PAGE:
When it was revealed Tony Watt had been dropped for Saturday’s curtain-raiser, Charlton manager Guy Luzon may as well have donned ancient, feminine robes and screeched at the North Stand: “He’s not the Messiah – he’s a very naughty boy.”

A training ground spat in midweek saw the terrace favourite banished to the substitute’s bench.

And spat it must have been, because if it was anything more serious, Watt would have been nowhere near the sidelines.

Instead he was ordered to sit it out on the naughty step, in what must have allowed him some valuable thinking time

With brilliance often comes insolence. So it was right that Luzon – Watt’s former mentor at Standard Liege – laid down the law straight away.

It was also very welcome that a contrite Watt was unleashed on a surprised QPR at half-time.

The recently relegated west Londoners edged the first-half and saw little too worry them in Charlton’s starting 11. Although the new signings to SE7 were solid, the side lacked fizz.

Within minutes of the restart, Watt got on the end of a flowing move to put Charlton 1-0 up. And not long later he would set up Morgan Fox for the second.

Labelled as trouble throughout his career, Watt needs a little discipline along with the love, and Luzon – Charlton’s Terry Jones – can provide that.

He may not be the messiah but he’s not far off that for his adoring fans.

The 2-0 win made a mockery of the Addicks’ odds as second favourites for the drop as, after that competent first 45 minutes, the hosts were rampant.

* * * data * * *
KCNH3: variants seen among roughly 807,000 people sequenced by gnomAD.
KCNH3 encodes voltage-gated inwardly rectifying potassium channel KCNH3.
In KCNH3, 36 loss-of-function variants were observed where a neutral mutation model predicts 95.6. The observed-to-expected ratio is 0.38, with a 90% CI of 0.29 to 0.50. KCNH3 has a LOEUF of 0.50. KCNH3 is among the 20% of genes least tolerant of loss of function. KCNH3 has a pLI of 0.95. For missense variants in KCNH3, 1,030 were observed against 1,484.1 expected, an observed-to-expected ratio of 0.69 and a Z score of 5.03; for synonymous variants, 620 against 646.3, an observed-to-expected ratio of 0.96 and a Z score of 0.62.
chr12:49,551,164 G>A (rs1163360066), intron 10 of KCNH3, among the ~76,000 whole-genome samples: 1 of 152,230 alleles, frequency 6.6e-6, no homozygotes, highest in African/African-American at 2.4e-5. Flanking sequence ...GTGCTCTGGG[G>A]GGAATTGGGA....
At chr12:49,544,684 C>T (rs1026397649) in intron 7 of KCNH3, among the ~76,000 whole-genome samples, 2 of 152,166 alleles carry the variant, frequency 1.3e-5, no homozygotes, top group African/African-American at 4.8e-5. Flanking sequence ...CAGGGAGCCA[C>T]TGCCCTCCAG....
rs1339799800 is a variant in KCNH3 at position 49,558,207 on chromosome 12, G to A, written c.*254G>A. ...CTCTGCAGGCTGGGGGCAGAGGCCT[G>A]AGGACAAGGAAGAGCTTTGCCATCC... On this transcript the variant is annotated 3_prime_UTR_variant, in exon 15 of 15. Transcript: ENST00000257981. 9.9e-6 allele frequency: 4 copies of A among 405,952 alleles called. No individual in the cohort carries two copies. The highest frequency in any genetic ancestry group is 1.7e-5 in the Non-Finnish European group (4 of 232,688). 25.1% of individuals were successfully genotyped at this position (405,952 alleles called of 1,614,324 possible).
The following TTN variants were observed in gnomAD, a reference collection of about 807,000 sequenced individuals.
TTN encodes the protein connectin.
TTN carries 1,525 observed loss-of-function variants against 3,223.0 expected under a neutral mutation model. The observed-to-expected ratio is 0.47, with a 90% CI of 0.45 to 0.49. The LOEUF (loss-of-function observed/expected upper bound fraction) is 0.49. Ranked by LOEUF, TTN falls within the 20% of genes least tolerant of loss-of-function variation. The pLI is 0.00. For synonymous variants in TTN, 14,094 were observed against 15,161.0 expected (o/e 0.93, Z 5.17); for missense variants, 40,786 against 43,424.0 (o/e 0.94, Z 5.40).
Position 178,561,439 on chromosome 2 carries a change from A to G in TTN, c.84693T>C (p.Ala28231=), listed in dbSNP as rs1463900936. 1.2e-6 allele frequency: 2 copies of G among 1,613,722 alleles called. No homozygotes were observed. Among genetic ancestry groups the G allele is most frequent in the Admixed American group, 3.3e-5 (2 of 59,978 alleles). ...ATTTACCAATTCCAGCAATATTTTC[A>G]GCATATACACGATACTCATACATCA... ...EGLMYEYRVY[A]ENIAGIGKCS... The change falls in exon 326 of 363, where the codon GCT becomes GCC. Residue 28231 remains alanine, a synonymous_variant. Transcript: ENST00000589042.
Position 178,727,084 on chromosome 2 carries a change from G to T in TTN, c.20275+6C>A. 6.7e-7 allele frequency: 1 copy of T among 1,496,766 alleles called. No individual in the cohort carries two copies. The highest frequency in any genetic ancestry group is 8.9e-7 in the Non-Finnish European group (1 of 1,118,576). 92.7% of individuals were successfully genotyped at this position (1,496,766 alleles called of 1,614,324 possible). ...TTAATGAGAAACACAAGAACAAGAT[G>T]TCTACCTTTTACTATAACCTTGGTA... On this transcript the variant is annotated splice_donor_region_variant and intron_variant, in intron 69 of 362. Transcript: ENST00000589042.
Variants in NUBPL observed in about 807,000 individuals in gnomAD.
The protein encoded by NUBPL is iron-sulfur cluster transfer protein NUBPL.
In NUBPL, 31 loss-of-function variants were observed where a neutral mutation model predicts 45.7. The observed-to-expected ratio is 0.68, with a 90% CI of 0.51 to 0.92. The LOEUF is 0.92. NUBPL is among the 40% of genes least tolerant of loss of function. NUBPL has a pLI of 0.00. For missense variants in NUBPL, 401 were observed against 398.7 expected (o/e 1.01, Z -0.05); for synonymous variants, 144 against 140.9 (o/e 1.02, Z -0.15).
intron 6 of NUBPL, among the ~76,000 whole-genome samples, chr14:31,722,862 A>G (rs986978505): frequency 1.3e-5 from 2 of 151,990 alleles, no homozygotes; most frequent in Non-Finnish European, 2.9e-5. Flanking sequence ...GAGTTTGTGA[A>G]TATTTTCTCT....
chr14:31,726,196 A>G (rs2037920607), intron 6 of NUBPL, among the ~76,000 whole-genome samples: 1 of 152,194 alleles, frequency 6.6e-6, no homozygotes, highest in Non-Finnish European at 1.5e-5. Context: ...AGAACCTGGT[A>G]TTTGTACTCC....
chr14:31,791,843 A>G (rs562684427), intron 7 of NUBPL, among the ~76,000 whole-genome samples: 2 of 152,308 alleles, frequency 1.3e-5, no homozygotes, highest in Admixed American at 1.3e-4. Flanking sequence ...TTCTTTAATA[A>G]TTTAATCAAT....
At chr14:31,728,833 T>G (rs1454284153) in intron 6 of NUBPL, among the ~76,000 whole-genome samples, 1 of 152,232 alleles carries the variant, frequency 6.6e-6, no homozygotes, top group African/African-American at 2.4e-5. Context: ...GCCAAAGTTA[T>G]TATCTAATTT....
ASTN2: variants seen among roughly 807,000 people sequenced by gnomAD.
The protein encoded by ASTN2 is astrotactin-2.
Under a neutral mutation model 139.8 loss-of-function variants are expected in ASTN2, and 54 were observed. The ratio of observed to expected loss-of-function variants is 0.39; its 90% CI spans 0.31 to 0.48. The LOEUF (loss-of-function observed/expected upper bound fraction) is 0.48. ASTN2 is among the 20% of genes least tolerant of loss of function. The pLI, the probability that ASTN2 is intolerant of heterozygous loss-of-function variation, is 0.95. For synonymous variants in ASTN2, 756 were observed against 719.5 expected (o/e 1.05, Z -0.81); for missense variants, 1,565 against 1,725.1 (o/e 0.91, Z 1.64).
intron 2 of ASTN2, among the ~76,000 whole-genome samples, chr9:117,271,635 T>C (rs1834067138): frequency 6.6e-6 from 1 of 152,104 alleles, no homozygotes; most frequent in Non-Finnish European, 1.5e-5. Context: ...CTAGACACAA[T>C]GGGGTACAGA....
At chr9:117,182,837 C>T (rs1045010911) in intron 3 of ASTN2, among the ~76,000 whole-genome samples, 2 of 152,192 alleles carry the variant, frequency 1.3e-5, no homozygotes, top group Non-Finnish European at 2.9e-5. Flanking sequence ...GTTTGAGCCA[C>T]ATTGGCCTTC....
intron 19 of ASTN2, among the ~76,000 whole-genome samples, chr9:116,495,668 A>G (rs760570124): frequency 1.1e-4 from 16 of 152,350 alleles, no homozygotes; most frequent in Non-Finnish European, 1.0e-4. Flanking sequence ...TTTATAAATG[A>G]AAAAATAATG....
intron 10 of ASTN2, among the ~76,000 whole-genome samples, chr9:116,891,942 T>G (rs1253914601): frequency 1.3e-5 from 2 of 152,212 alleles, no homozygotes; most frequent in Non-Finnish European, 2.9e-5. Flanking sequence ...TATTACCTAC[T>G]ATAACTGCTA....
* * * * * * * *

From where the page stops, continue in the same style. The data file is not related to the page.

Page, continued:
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QPR’s own golden child, England striker Charlie Austin, hardly got a sniff against the stylish Charlton centre-backs Allou Diarra and Patrick Bauer.

Full-backs Chris Solly and Fox were ruling the flanks, while El Hadji Ba in centre-midfield gave more than a glimpse of his undoubted talent and Jordan Cousins and Johann Gudmundsson were at their consistent best either side of him.

Giant Simon Makienok was a constant thorn in the Rangers’ defence’s side and his stepover for the first goal provided as stylish an assist as you’ll see.

He was also winning everything in the air in his own box while defending set-pieces.

In goal, the rookie Nick Pope was faultless and completely deserved his clean sheet, outshining his experienced opposite number Robert Green.

But the pick of the players was Ahmed Kashi. The deep-lying midfielder’s first involvement was a pass to the advertising board. After that he was immense.

He had relatively few minutes in pre-season and it looked like the Algerian would be a squad player at best.

But his all-action display won over The Valley. It was like watching a Charlton cult hero of yesteryear, Radostin Kishishev.

Of course, it’s far too early to get excited. But the signs aren’t bad at all.

Luzon still wants more bodies in but the foundations are certainly in place.